Bioreactors reduce nitrates in tile water

Corn and Soybean Digest
November 24, 2017
By Corn and Soybean Digest
Farmers looking for a method to help reduce nitrate flow from specific fields may want to consider constructing a woodchip bioreactor. The woodchip bioreactors acts as a filter to clean the water as it flows from the tile into the surface water body. The cost is often what is on a producer's mind.

Dr. Laura Christianson, professional engineer and assistant professor in the department of Crop Sciences at the University of Illinois, presented a webinar for the Iowa Learning Farms and has been studying how bioreactors work and how farmers can benefit from them.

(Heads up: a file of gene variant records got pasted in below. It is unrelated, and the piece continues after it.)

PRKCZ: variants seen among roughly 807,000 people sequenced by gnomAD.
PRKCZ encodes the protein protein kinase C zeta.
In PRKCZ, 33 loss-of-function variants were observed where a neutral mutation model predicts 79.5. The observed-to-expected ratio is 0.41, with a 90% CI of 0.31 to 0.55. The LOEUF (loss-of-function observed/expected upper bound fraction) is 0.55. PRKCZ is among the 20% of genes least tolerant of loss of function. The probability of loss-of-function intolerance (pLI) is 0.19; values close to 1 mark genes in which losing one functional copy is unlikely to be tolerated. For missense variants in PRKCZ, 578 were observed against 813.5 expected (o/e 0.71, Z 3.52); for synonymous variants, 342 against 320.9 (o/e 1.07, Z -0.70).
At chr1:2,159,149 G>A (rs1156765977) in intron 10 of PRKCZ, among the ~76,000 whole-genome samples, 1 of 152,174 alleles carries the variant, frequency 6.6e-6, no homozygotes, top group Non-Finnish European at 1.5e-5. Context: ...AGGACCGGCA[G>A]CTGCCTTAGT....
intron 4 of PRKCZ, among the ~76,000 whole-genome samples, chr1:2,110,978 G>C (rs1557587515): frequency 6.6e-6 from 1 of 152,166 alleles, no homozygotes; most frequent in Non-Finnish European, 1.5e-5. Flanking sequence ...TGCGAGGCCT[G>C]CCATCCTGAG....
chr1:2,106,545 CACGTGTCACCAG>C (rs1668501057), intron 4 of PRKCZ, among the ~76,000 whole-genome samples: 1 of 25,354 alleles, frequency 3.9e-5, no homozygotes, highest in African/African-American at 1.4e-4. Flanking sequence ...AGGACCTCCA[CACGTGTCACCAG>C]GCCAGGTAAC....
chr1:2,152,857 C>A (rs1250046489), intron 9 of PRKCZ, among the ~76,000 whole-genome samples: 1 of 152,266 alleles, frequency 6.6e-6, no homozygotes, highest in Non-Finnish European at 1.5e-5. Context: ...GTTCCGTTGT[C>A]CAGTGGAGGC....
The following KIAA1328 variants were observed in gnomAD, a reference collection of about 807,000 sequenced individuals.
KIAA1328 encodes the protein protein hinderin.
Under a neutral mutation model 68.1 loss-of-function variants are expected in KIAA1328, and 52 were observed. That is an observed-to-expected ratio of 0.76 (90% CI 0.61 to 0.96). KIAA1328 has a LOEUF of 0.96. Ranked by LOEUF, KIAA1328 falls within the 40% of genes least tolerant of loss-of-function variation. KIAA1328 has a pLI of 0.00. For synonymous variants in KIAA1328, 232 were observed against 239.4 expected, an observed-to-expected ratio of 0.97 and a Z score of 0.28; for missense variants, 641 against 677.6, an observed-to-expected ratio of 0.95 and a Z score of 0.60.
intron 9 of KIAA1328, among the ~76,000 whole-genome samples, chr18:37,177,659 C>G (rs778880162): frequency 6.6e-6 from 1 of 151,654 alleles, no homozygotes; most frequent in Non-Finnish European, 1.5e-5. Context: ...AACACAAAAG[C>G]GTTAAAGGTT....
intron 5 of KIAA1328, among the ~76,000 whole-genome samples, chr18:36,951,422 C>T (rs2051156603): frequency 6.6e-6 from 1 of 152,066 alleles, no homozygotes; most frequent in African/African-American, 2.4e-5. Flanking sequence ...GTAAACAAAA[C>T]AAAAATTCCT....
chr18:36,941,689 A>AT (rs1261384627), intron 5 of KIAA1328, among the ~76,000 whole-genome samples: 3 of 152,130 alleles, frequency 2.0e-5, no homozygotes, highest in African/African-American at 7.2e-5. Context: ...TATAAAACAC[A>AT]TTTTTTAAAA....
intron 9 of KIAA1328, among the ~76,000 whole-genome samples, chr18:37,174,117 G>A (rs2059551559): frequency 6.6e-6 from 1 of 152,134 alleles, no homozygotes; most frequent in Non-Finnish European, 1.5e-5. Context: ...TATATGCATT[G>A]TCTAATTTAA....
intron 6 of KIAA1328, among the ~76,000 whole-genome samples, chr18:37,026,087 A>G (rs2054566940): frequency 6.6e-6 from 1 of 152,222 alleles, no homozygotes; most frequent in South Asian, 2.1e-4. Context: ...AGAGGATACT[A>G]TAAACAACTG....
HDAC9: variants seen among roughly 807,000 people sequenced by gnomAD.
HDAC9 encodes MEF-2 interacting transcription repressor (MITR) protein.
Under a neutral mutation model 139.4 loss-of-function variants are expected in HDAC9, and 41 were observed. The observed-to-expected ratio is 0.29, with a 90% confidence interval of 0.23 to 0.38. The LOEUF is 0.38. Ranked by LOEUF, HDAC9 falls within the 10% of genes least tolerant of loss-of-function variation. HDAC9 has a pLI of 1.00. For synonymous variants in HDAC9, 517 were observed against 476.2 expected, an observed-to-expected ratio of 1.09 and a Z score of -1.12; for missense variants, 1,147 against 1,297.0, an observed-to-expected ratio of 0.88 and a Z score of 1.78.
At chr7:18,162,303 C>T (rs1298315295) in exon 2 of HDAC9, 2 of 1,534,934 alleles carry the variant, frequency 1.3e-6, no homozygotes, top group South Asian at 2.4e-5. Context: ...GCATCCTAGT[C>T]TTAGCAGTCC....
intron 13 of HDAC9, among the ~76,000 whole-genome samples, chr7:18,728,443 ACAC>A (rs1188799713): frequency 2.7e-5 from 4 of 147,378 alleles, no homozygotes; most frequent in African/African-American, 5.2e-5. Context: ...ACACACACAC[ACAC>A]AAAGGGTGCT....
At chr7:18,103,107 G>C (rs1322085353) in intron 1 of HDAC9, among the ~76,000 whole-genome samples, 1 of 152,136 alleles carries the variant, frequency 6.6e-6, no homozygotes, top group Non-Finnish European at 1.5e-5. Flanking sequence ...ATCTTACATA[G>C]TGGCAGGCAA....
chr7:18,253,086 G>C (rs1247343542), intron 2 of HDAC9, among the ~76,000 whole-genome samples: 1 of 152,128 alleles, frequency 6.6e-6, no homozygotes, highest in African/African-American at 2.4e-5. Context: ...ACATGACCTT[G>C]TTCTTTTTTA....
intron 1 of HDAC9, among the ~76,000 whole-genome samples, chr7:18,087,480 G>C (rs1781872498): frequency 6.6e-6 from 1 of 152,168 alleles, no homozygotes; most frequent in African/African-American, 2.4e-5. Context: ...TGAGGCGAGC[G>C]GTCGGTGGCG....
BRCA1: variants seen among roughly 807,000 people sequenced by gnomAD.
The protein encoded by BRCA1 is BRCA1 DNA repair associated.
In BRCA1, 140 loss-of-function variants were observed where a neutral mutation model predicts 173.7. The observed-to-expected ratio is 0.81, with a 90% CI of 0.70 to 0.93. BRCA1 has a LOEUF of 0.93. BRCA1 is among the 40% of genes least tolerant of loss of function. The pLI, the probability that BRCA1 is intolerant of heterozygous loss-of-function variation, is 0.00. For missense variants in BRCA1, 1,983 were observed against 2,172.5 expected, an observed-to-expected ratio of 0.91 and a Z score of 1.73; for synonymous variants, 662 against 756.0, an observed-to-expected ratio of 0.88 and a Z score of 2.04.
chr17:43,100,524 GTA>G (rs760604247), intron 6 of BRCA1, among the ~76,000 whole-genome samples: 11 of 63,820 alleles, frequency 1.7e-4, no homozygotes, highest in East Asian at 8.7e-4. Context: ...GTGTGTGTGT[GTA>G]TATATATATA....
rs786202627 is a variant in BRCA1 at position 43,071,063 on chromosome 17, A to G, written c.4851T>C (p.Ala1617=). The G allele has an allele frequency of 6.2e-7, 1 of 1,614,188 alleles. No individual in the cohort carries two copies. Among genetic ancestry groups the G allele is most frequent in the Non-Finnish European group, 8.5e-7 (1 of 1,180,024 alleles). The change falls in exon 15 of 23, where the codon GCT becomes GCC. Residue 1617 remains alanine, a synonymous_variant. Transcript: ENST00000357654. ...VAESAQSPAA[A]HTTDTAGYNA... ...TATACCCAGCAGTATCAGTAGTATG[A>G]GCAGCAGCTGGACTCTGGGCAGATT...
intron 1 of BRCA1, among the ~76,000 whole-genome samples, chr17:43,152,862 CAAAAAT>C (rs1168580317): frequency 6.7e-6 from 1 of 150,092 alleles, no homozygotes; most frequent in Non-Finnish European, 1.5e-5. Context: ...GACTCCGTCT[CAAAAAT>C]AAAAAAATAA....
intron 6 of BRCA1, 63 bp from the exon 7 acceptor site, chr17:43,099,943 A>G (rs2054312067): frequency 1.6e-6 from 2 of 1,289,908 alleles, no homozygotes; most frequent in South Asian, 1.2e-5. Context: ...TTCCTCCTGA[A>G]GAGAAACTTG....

Bioreactors are subsurface trenches that can range from 50 feet to 120 feet and are filled with a 3-ft. layer of woodchips through which water is allowed to flow just before leaving the drain to enter a surface water body. The trench can help remove nitrates from 35 acres to 50 acres depending on the length and depth of the bioreactor. For the full story, click here.

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